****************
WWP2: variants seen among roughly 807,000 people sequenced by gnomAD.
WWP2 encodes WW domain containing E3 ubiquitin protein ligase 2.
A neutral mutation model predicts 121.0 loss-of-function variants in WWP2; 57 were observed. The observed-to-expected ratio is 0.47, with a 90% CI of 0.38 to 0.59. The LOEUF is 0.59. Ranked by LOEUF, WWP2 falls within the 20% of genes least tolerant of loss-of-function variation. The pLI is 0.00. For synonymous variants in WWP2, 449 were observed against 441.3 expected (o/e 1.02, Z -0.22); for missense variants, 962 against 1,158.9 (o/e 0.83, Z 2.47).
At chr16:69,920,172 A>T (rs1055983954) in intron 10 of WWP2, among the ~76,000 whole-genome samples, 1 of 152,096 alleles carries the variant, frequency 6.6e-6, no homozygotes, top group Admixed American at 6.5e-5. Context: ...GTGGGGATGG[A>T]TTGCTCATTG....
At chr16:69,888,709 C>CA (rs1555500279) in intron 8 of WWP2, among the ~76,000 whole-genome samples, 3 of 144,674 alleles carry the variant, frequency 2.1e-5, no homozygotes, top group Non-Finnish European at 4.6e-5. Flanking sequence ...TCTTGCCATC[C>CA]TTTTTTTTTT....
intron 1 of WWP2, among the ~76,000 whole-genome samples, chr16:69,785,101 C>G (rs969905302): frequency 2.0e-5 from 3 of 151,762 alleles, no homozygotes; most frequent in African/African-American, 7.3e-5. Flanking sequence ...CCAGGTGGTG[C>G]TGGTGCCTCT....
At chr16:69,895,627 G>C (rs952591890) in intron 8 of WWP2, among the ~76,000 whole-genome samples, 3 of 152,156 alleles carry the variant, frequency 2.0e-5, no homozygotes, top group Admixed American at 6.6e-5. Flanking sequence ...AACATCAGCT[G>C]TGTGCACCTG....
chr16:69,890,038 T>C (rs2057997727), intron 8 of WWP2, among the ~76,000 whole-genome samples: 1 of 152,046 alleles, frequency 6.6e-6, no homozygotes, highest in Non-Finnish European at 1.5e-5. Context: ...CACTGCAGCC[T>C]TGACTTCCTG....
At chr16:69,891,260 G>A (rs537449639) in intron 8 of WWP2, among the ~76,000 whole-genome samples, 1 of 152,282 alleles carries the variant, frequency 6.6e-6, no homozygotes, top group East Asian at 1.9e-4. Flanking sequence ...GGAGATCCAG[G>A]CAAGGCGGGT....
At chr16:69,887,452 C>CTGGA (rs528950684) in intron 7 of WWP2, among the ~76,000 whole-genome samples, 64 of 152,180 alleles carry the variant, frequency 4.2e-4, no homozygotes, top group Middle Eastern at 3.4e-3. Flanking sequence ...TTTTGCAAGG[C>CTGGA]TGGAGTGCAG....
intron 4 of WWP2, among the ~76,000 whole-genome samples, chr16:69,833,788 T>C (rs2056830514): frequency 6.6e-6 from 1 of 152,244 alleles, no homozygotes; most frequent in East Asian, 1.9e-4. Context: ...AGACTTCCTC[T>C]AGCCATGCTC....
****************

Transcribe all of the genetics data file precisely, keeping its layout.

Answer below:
WWP2: variants seen among roughly 807,000 people sequenced by gnomAD.
WWP2 encodes WW domain containing E3 ubiquitin protein ligase 2.
A neutral mutation model predicts 121.0 loss-of-function variants in WWP2; 57 were observed. The observed-to-expected ratio is 0.47, with a 90% CI of 0.38 to 0.59. The LOEUF is 0.59. Ranked by LOEUF, WWP2 falls within the 20% of genes least tolerant of loss-of-function variation. The pLI is 0.00. For synonymous variants in WWP2, 449 were observed against 441.3 expected (o/e 1.02, Z -0.22); for missense variants, 962 against 1,158.9 (o/e 0.83, Z 2.47).
At chr16:69,920,172 A>T (rs1055983954) in intron 10 of WWP2, among the ~76,000 whole-genome samples, 1 of 152,096 alleles carries the variant, frequency 6.6e-6, no homozygotes, top group Admixed American at 6.5e-5. Context: ...GTGGGGATGG[A>T]TTGCTCATTG....
At chr16:69,888,709 C>CA (rs1555500279) in intron 8 of WWP2, among the ~76,000 whole-genome samples, 3 of 144,674 alleles carry the variant, frequency 2.1e-5, no homozygotes, top group Non-Finnish European at 4.6e-5. Flanking sequence ...TCTTGCCATC[C>CA]TTTTTTTTTT....
intron 1 of WWP2, among the ~76,000 whole-genome samples, chr16:69,785,101 C>G (rs969905302): frequency 2.0e-5 from 3 of 151,762 alleles, no homozygotes; most frequent in African/African-American, 7.3e-5. Flanking sequence ...CCAGGTGGTG[C>G]TGGTGCCTCT....
At chr16:69,895,627 G>C (rs952591890) in intron 8 of WWP2, among the ~76,000 whole-genome samples, 3 of 152,156 alleles carry the variant, frequency 2.0e-5, no homozygotes, top group Admixed American at 6.6e-5. Flanking sequence ...AACATCAGCT[G>C]TGTGCACCTG....
chr16:69,890,038 T>C (rs2057997727), intron 8 of WWP2, among the ~76,000 whole-genome samples: 1 of 152,046 alleles, frequency 6.6e-6, no homozygotes, highest in Non-Finnish European at 1.5e-5. Context: ...CACTGCAGCC[T>C]TGACTTCCTG....
At chr16:69,891,260 G>A (rs537449639) in intron 8 of WWP2, among the ~76,000 whole-genome samples, 1 of 152,282 alleles carries the variant, frequency 6.6e-6, no homozygotes, top group East Asian at 1.9e-4. Flanking sequence ...GGAGATCCAG[G>A]CAAGGCGGGT....
At chr16:69,887,452 C>CTGGA (rs528950684) in intron 7 of WWP2, among the ~76,000 whole-genome samples, 64 of 152,180 alleles carry the variant, frequency 4.2e-4, no homozygotes, top group Middle Eastern at 3.4e-3. Flanking sequence ...TTTTGCAAGG[C>CTGGA]TGGAGTGCAG....
intron 4 of WWP2, among the ~76,000 whole-genome samples, chr16:69,833,788 T>C (rs2056830514): frequency 6.6e-6 from 1 of 152,244 alleles, no homozygotes; most frequent in East Asian, 1.9e-4. Context: ...AGACTTCCTC[T>C]AGCCATGCTC....